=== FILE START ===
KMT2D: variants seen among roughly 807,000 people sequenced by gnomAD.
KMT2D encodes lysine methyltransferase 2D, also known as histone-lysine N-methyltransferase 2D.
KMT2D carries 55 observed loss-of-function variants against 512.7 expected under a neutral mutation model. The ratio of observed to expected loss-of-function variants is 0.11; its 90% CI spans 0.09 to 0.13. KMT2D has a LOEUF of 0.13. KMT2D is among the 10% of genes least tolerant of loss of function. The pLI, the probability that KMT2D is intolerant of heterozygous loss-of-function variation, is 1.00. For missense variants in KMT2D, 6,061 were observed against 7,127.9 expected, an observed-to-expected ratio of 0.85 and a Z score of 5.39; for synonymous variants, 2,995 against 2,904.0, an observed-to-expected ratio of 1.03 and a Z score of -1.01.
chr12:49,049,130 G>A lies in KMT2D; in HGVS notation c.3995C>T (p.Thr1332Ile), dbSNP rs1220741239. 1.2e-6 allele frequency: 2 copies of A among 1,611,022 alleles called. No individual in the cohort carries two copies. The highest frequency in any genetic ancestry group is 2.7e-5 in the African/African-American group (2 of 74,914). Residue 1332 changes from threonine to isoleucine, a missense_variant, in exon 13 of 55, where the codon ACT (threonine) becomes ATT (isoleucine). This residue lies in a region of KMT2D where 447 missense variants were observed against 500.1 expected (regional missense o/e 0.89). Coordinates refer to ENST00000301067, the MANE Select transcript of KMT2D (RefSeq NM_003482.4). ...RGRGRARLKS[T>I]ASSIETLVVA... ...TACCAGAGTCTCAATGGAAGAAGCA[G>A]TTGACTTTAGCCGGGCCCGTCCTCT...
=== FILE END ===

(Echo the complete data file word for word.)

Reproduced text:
KMT2D: variants seen among roughly 807,000 people sequenced by gnomAD.
KMT2D encodes lysine methyltransferase 2D, also known as histone-lysine N-methyltransferase 2D.
KMT2D carries 55 observed loss-of-function variants against 512.7 expected under a neutral mutation model. The ratio of observed to expected loss-of-function variants is 0.11; its 90% CI spans 0.09 to 0.13. KMT2D has a LOEUF of 0.13. KMT2D is among the 10% of genes least tolerant of loss of function. The pLI, the probability that KMT2D is intolerant of heterozygous loss-of-function variation, is 1.00. For missense variants in KMT2D, 6,061 were observed against 7,127.9 expected, an observed-to-expected ratio of 0.85 and a Z score of 5.39; for synonymous variants, 2,995 against 2,904.0, an observed-to-expected ratio of 1.03 and a Z score of -1.01.
chr12:49,049,130 G>A lies in KMT2D; in HGVS notation c.3995C>T (p.Thr1332Ile), dbSNP rs1220741239. 1.2e-6 allele frequency: 2 copies of A among 1,611,022 alleles called. No individual in the cohort carries two copies. The highest frequency in any genetic ancestry group is 2.7e-5 in the African/African-American group (2 of 74,914). Residue 1332 changes from threonine to isoleucine, a missense_variant, in exon 13 of 55, where the codon ACT (threonine) becomes ATT (isoleucine). This residue lies in a region of KMT2D where 447 missense variants were observed against 500.1 expected (regional missense o/e 0.89). Coordinates refer to ENST00000301067, the MANE Select transcript of KMT2D (RefSeq NM_003482.4). ...RGRGRARLKS[T>I]ASSIETLVVA... ...TACCAGAGTCTCAATGGAAGAAGCA[G>A]TTGACTTTAGCCGGGCCCGTCCTCT...